…It’s fine, I’m fine. More on that below.
Cons of Stone Countertops
1. Cost of Stonecoat Countertops
Stonecoat is advertised as a super affordable alternative to countertops. And I mean, yes, if you compare this to buying a marble countertop, it is definitely only a fraction of the price.
BUT this is also definitely not the only way to upgrade your countertops on a budget.
In fact, I recently bought a new custom-made laminate countertop for my kitchen and it was $130. It was not extremely large, BUT that’s still less than half the price of a few gallons of epoxy.
When I painted my countertops like granite, the total cost was around $50. Admittedly, that is absolutely not as durable as epoxy–but there are options if the cost of epoxy is too much.
I’ve also read that Stonecoat is more expensive than other similar epoxies. It is a little bit difficult to calculate, but you can easily measure your countertop surface and look for a few alternatives.
2. Confusing Instructions
Want to spend hours stressing over this epoxy and making a detailed list that STILL fails you? WELL THEN STONECOAT IS FOR YOU.
…It’s fine! Deep breaths. I’m fine.
Anyway. The biggest problem with Stonecoat countertops is absolutely the lack of clear instructions.
Now, if you’re immediate thought is, “But Kaylee! What about the 8,000 Youtube videos that everyone raves about?” –keep listening.
I watched well over 3 hours of videos on how to apply this epoxy WHILE taking detailed notes. I spent even more hours making a Google doc of notes (it’s currently 8 pages long) and reading the how-to steps for the white epoxy kit on the website.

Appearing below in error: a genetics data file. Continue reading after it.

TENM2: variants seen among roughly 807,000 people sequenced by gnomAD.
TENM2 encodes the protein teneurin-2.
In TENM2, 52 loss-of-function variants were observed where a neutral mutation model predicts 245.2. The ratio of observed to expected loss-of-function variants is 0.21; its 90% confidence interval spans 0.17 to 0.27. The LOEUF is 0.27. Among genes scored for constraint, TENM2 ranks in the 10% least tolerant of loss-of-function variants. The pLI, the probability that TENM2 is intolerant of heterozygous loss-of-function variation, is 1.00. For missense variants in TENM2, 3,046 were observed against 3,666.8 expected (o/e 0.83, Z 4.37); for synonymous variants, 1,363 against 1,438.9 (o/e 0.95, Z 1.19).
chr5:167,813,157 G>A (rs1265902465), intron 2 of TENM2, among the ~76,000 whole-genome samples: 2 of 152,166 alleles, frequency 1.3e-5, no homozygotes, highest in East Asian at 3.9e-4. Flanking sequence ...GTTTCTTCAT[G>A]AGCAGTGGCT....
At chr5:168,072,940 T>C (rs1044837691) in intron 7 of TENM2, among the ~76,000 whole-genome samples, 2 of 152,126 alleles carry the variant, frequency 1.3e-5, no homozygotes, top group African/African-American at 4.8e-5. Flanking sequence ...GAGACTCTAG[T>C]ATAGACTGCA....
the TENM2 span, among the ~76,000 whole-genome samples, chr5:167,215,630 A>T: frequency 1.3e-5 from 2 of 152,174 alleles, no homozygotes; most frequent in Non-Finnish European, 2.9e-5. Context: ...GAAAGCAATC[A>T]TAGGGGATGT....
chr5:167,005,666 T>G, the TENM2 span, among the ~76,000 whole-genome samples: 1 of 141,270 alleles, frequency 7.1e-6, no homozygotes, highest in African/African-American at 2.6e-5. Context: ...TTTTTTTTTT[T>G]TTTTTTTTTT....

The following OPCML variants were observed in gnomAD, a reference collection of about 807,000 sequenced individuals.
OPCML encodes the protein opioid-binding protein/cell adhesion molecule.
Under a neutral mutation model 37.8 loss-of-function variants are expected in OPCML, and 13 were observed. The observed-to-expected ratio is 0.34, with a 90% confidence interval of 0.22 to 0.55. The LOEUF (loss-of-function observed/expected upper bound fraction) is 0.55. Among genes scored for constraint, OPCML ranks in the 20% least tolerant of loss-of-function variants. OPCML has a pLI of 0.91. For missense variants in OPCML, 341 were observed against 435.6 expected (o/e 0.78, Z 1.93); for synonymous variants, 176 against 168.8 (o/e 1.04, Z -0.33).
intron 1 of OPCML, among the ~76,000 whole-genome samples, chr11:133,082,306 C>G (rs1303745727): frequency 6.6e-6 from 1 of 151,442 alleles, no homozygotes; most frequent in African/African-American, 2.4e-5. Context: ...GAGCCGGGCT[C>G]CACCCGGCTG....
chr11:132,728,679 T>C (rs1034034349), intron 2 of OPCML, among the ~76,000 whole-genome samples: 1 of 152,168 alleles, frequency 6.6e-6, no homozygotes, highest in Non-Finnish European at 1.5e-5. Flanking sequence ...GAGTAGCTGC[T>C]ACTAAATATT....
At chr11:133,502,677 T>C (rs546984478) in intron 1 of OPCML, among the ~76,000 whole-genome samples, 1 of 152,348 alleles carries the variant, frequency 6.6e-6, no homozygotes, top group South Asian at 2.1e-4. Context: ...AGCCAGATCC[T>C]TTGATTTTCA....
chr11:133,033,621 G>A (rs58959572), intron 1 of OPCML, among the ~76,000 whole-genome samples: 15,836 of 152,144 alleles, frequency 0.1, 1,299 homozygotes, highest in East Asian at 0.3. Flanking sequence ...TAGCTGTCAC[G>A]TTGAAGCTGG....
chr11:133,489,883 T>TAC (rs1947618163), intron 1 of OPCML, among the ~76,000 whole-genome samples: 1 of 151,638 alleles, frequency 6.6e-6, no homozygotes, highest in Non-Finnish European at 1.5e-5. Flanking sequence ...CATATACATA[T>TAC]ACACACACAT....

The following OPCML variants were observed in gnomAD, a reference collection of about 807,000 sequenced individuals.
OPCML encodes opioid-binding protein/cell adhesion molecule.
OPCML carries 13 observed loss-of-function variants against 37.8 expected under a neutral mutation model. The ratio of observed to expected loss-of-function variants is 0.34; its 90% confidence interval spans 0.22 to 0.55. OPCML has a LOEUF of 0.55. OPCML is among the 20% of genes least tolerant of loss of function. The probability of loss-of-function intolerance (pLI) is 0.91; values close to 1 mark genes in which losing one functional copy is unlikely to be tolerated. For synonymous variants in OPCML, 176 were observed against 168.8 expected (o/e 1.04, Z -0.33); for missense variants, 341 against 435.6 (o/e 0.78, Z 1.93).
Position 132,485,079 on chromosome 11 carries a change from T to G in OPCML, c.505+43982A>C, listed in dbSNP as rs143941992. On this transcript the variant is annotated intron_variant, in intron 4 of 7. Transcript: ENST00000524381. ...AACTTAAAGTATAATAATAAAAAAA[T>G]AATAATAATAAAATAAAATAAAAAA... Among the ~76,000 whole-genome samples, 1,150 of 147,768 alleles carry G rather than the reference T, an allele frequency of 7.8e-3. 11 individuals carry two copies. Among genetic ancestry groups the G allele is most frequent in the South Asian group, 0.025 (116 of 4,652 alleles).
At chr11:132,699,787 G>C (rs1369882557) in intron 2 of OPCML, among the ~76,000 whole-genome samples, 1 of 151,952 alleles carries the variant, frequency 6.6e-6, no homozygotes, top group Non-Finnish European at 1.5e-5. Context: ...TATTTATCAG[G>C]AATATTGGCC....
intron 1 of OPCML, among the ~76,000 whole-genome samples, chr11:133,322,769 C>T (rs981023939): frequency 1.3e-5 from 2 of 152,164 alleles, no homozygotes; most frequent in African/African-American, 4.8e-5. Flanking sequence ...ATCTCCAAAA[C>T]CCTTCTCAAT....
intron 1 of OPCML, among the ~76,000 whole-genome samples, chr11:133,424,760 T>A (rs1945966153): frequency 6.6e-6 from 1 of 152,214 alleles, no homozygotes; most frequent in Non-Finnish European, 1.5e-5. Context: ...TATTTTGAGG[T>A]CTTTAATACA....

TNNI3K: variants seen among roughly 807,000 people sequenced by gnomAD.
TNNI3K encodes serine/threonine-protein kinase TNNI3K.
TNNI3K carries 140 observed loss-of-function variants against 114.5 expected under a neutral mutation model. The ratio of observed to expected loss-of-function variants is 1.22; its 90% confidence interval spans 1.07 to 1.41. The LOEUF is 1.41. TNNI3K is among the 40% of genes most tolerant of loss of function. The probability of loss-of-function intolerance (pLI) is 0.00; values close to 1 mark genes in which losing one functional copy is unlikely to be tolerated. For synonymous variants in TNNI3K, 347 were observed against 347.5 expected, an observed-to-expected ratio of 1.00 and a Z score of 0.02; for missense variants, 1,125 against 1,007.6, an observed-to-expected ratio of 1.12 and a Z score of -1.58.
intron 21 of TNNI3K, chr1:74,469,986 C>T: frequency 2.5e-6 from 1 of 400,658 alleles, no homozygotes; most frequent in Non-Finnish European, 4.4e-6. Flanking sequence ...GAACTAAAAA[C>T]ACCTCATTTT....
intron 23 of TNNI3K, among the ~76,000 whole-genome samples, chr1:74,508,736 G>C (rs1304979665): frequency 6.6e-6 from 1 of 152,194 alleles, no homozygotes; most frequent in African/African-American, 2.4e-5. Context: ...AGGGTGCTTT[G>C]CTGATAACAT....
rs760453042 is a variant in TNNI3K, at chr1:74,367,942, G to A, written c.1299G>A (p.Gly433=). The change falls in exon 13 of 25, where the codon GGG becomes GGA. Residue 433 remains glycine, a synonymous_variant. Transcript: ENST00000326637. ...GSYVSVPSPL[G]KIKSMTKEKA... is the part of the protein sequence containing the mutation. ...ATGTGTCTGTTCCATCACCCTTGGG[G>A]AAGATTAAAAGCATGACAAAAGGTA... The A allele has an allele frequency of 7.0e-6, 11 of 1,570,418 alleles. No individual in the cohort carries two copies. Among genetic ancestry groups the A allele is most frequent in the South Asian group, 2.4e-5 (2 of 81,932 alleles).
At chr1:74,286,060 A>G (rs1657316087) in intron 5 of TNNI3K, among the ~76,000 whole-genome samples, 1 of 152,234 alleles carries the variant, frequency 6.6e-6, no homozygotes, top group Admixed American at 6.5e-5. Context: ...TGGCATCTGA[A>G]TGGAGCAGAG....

It would seem like I was going to be extremely prepared, right?!
Because Stonecoat has such a huge amount of content online, I think they make it seem like you have all the information and all the tips. However, they skip many of the most important details.
4. NOT So DIY-Friendly–MAJOR Exaggerations in Instructions
Stonecoat Countertops has basically made a brand out of the idea that using epoxy on your countertops is a super simple, fail-proof way to upgrade your countertops for an affordable price.
This is completely false.
(Do I sound like Dwight Shrute? I kind feel like Dwight.)
These are actual, word-for-word statements spoken in the videos:
“This is an easy technique.”
“This is a no-stress epoxy.”
“This is a forgiving process.”
“We’ve done the hard work for you.”
“Long open time in our epoxy. It’s designed so you don’t have to be in a rush. You don’t have to worry about getting everything done super fast. You can take your time and not be stressed.”
- It’s EXTREMELY easy to screw up (extremely extremely extremely)
- They leave out very important details
- It takes time and effort and IS TIRING
Whether you work with epoxy or not, you need to know that EPOXY IS EXTREMELY FINICKY. Read my complete fail (that happened in less than 4 minutes) in the next section.
If you’ve used epoxy for 20 years (like the guy who does all the Stonecoat Counters videos has) then OF COURSE this will be easy to work with. You know what to do, what not to do, you know how to work with the epoxy, how much time you have, etc, etc.
But if you’ve never worked with epoxy, this will NOT be the case.
I don’t think this is intentional on their part. I think they record their tutorial videos without actually planning what information is included in the videos. They just record videos of the countertop guy doing it, and whatever happens, happens.
But that results in videos that appear thorough that are actually missing A LOT of details–and make it likely to screw up.
How Stonecoat Countertops Epoxy Failed Me
After spending hours of my time watching videos and scouring the Stonecoat website for tips (and trying to convince myself I was ready), I went ahead and started using epoxy on the counters.
I did exactly, EXACTLY what this tutorial video said to do, and exactly what it showed Countertop Guy doing (that is his official name now).